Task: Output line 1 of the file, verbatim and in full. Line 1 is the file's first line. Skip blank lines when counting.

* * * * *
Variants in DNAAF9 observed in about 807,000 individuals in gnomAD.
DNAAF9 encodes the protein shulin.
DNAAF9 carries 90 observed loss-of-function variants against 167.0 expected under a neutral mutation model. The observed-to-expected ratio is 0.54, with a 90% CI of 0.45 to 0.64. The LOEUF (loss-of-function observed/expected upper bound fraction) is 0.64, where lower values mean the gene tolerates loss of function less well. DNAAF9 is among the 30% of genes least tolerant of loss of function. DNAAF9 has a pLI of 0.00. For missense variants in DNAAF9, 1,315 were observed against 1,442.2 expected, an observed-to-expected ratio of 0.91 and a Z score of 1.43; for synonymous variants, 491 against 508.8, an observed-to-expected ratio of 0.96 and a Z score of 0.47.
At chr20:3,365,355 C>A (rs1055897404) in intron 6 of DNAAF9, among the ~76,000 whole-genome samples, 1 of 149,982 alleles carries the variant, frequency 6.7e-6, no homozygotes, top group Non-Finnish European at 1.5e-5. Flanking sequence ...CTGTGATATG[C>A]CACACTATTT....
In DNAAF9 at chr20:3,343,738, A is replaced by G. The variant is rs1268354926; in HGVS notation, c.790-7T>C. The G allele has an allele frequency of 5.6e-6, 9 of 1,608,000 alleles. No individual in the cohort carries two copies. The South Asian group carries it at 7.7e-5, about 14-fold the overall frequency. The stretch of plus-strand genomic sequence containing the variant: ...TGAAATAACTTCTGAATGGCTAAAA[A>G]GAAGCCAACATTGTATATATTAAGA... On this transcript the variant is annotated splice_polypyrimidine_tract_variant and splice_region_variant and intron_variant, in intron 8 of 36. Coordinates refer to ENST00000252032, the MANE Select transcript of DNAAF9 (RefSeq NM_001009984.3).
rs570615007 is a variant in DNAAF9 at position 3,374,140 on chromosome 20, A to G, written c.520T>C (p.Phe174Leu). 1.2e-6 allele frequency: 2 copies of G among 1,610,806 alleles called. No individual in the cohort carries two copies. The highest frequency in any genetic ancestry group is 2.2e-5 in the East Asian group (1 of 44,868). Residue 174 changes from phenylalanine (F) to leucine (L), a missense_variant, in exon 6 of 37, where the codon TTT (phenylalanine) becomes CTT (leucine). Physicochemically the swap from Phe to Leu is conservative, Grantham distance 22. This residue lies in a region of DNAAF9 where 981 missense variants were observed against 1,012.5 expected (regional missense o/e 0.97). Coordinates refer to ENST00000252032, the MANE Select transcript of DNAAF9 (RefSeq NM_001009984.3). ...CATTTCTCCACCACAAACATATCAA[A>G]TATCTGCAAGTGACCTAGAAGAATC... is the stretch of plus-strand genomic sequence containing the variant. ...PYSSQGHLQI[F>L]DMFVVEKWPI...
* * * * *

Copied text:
Variants in DNAAF9 observed in about 807,000 individuals in gnomAD.